I tea-dyed the cheesecloth to make a skirt for the mannequin.  I have used that stamp so many times - one of my favorites.  The background is a page from an herb catalog,  along with a napkin, and pieces from an old French envelope.   I mixed some gel medium with gold powdered pigment and glitter to add stencil interest.





Another page from a few weeks ago - this challenge was to use stitching.   I used to do lots of sewing; now my sewing machine is used for minor repairs, (clothes and boat sails!),  but mostly for sewing paper, so this challenge was perfect for me.






Somehow these decorated pages make using my planner more fun.

Thursday, May 28, 2015

Dining Room Table and Chairs Update Finished!


{William and his Gimps passing judgement on wine  for Thanksgiving}

Our dining room table and chairs have been well-used.   We got them  in the 80s (as if all that oak wasn't a clue!) and, as Montana Daughter would say, "it's been rode hard and put away wet "- many times!  The kids used the chairs as train cars and fort walls, and the table has seen years of homework, craft projects, nail polishing mishaps and general wear and tear from 5+ kids .  I've refinished the top a couple of times, and  it was starting to show wear  again.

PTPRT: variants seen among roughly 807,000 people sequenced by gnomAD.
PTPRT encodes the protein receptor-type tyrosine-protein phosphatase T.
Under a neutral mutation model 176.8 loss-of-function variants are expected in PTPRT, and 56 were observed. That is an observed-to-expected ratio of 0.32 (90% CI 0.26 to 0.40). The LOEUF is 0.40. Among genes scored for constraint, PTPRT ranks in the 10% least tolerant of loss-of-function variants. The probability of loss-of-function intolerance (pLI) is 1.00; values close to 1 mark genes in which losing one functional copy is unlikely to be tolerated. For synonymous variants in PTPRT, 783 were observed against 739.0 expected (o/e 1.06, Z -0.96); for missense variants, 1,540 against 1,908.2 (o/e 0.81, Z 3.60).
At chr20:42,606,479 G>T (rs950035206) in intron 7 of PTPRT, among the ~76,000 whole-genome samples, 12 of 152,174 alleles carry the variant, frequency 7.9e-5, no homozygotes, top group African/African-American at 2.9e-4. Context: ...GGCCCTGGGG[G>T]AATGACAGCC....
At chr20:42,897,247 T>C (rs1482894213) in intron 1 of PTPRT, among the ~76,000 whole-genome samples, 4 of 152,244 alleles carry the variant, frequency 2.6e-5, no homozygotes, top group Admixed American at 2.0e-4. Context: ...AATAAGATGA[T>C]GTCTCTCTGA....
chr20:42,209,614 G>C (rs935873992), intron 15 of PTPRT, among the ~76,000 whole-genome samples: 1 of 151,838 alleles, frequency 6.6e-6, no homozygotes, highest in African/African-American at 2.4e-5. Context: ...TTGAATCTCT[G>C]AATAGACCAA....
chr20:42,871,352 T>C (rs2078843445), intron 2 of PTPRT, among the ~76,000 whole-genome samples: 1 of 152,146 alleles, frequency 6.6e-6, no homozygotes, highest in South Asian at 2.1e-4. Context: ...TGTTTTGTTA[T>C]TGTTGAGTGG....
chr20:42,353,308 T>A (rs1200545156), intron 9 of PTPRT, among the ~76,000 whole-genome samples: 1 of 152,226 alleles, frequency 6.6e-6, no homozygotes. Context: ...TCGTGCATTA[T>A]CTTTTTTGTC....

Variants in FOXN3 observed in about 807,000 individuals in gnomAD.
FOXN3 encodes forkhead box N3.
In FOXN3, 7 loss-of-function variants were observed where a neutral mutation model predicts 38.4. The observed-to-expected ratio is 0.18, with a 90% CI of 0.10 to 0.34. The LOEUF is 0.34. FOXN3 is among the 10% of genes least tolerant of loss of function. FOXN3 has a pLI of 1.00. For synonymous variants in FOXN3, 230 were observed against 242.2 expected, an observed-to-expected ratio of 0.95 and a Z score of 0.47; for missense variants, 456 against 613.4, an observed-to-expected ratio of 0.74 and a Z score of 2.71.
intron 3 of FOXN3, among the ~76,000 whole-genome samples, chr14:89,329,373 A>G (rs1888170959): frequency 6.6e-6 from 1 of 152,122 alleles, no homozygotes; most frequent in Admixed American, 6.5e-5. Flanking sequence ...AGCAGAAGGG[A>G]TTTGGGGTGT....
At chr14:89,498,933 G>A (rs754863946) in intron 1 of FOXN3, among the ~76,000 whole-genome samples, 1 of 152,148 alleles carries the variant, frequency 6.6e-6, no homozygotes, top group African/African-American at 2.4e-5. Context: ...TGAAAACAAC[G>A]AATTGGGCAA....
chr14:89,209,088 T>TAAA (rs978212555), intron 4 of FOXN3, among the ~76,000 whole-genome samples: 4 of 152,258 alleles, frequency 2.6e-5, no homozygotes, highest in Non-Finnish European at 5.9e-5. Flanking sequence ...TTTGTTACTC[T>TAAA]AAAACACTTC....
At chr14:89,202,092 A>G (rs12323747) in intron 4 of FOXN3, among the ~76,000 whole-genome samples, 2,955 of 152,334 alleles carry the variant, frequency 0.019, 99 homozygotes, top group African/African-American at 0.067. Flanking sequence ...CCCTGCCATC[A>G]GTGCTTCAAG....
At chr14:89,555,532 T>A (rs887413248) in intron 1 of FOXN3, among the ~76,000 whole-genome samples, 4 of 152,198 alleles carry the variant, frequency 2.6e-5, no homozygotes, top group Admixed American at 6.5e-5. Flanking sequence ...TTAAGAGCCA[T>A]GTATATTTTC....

This time I decided to bring the whole shebang out of the  matchy-matchy 80s and get rid of the overwhelming oak of it all.

I started with the table - stripped off the finish with Citrasolve, wiped it down with Liquid Sander and a final pass with TSP.   


Then the magic happened; I wiped down the top (and all those leaves) with Old Master White Pickling Stain.


I put on a couple of coats, letting each one dry first.   The wiping stain is easy to use - wipe on, leave for 10-15 minutes and wipe off.   I played with it - leaving on more in some areas, less in others.

Since this table still gets lots of use, I needed to protect all this white goodness.  My original plan was to use a MinWax wipe-on poly, but all the reviews said it yellows over paint or light stains, clearly a deal-breaker.  Plus, I didn't want any shine as that sort of defeats the look of whitewash.   Off to the helpful folks at Benjamin Moore who recommended this instead- a clear flat polyurethane.  Flat poly?  Who knew?